HOME  |  NEWS  |  BLOGS  |  MESSAGES  |  FEATURES  |  VIDEOS  |  WEBINARS  |  INDUSTRIES  |  FOCUS ON FUNDAMENTALS
  |  REGISTER  |  LOGIN  |  HELP
William K.
User Rank
Platinum
Re: Modelling the real world
William K.   4/2/2013 5:20:49 PM
NO RATINGS
I have always taken the expression "common sense" to mean things that are obvious to anyone except a fool. That is quite different from the expression referencing "conventional wisdom", or it's equvalent, "common thinking", which refelects the unverified assumptions that are usually based on sources less reliable than gossip. 

Common sense dictates that one would not stick a hand into the cutting area of a lawnmower, or stand on the very top of a folding ladder. Common sense is that wisdom that lawyers seem to dictate that it is not reasonable to expect their client to posess.

Ann R. Thryft
User Rank
Blogger
Re: Modelling the real world
Ann R. Thryft   4/2/2013 1:46:55 PM
NO RATINGS
Thanks, I like those definitions.

Dave Palmer
User Rank
Platinum
Re: Modelling the real world
Dave Palmer   4/2/2013 1:43:15 PM
NO RATINGS
@Ann: The Italian writer Antonio Gramsci drew a distinction between common sense and good sense.

To Gramsci, "common sense" meant the ruling ideology of a society: the ideas that are generally accepted without much critical thought.  As such, "common sense" is not universal, but may be radically different in different times and places (according to Gramsci, mainly depending on who's in charge).

"Good sense," on the other hand, requires critical thought.

"Common sense" might contain some elements of "good sense," but they are very different things.

Ann R. Thryft
User Rank
Blogger
Re: Modelling the real world
Ann R. Thryft   4/2/2013 12:46:17 PM
NO RATINGS
Dave's comment about "intuitively obvious" makes me think of how many times I've been told that a certain practice is "common sense." My response is always "common to which group?" The term implies shared values and meanings, and shared assumptions about how the world does and should work. But these are not so common In a modern complex society.

Dave Palmer
User Rank
Platinum
Modelling the real world
Dave Palmer   4/1/2013 10:33:05 AM
NO RATINGS
Another great article from Professor Craig.  The only part I take issue with is the claim that "the grey-box modelling approach is intuitive and obvious." First of all, our intuitions can often mislead us.  Read The Invisible Gorilla, by psychologists Chris Chabris and Dan Simons, for many instructive examples of everyday illusions.  Second, if these things were obvious, there would be no need for engineers... let along engineering professors!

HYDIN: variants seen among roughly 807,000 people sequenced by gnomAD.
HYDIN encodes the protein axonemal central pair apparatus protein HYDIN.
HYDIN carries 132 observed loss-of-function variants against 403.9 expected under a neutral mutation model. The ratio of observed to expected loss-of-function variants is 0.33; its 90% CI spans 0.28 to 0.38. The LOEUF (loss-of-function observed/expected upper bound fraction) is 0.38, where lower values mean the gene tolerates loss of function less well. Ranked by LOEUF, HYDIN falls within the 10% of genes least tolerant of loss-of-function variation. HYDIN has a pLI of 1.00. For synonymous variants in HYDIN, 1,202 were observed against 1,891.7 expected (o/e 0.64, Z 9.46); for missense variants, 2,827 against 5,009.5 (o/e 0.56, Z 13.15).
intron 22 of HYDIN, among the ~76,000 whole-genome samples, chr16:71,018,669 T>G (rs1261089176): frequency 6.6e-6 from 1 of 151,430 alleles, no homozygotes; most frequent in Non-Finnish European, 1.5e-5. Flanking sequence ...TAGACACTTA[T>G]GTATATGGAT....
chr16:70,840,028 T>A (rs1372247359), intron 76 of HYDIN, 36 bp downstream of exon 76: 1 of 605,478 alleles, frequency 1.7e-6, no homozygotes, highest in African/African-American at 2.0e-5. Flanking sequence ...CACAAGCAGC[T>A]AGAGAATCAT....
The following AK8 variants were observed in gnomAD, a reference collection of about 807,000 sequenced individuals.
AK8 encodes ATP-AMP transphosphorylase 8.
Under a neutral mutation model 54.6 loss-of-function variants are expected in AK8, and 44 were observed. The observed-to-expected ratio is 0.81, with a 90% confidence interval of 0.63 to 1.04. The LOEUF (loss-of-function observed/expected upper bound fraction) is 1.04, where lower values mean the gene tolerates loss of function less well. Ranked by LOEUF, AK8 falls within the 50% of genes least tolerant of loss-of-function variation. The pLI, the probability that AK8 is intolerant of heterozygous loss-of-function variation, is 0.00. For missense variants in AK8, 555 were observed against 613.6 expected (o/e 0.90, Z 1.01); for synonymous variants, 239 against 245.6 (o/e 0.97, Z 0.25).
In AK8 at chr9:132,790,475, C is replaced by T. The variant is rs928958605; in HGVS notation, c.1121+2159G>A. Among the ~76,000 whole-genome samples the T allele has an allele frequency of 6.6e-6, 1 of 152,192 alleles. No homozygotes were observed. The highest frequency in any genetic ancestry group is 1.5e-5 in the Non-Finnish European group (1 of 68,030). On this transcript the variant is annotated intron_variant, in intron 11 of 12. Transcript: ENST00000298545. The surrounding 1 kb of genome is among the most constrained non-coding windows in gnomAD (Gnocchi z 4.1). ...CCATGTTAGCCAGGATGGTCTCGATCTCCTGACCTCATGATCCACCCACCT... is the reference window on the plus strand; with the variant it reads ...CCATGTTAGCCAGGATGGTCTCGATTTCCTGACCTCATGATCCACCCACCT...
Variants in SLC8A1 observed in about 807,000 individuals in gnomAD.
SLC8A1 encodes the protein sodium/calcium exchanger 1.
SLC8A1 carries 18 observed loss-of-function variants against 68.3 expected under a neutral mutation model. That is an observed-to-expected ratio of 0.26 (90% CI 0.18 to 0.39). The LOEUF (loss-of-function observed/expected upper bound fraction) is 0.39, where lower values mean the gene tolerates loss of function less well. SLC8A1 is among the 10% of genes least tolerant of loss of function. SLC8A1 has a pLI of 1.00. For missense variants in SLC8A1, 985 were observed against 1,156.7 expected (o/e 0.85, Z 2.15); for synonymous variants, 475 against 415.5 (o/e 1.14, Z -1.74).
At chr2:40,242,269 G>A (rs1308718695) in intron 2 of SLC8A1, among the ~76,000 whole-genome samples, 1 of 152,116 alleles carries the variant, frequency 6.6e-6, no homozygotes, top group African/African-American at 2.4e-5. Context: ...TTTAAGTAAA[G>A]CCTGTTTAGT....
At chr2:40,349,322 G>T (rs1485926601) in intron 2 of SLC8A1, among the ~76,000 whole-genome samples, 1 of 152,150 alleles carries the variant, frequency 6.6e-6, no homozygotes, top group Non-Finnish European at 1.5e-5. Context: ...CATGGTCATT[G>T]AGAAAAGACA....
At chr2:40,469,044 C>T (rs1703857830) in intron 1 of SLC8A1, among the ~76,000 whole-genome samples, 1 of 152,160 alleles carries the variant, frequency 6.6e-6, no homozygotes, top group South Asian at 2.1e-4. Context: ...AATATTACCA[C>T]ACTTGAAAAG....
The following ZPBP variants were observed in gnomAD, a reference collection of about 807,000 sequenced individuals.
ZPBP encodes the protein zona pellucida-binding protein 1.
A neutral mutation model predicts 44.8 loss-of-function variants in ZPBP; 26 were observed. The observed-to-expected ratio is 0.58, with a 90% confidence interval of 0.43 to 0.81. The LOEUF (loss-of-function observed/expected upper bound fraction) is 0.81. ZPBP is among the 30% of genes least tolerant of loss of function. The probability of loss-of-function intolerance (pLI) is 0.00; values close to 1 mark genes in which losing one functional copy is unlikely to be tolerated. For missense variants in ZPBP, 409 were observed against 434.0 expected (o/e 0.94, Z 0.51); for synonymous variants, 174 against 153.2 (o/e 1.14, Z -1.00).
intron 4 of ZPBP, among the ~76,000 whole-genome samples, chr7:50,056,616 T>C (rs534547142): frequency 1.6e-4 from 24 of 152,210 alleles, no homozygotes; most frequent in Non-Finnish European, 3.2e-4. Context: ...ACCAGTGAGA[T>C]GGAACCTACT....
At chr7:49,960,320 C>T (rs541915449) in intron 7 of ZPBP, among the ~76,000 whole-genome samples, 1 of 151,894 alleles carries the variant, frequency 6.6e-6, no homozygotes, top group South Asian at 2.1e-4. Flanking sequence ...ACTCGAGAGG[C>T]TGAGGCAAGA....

On the subject of modelling the real world, take a look at Dan Meyer's blog.  Dan is a high school math teacher who gave a though-provoking TED Talk called Math Class Needs a Makeover.  Dan puts modelling at the center of his teaching.  It's an approach that can help prepare students to engage in engineering problem-solving.



Partner Zone
Latest Analysis
The phablet wars continue. Today we welcome the Nexus 6 -- a joint collaboration between Google and Motorola.
According to a study by the National Institute of Standards and Technology, one of the factors in the collapse of the original World Trade Center towers on Sept. 11, 2001, was the reduction in the yield strength of the steel reinforcement as a result of the high temperatures of the fire and the loss of thermal insulation.
If you have a Gadget Freak project, we have a reader who wants to make it. And not only will you get your 15 minutes of fame on our website and social media channels, you will also receive $500 and be automatically entered into the 2015 Gadget Freak of the Year contest.
Robots are getting more agile and automation systems are becoming more complex. Yet the most impressive development in robotics and automation is increased intelligence. Machines in automation are increasingly able to analyze huge amounts of data. They are often able to see, speak, even imitate patterns of human thinking. Researchers at European Automation call this deep learning.
Thanksgiving is a time for family. A time for togetherness. A time for… tech?
More:Blogs|News
Design News Webinar Series
11/19/2014 11:00 a.m. California / 2:00 p.m. New York
11/6/2014 11:00 a.m. California / 2:00 p.m. New York
10/7/2014 8:00 a.m. California / 11:00 a.m. New York
12/11/2014 8:00 a.m. California / 11:00 a.m. New York
Quick Poll
The Continuing Education Center offers engineers an entirely new way to get the education they need to formulate next-generation solutions.
Dec 1 - 5, An Introduction to Embedded Software Architecture and Design
SEMESTERS: 1  |  2  |  3  |  4  |  5  |  6


Focus on Fundamentals consists of 45-minute on-line classes that cover a host of technologies. You learn without leaving the comfort of your desk. All classes are taught by subject-matter experts and all are archived. So if you can't attend live, attend at your convenience.
Last Archived Class
Sponsored by Littelfuse
Learn More   |   Login   |   Archived Classes
Twitter Feed
Design News Twitter Feed
Like Us on Facebook

Sponsored Content

Technology Marketplace

Copyright © 2014 UBM Canon, A UBM company, All rights reserved. Privacy Policy | Terms of Service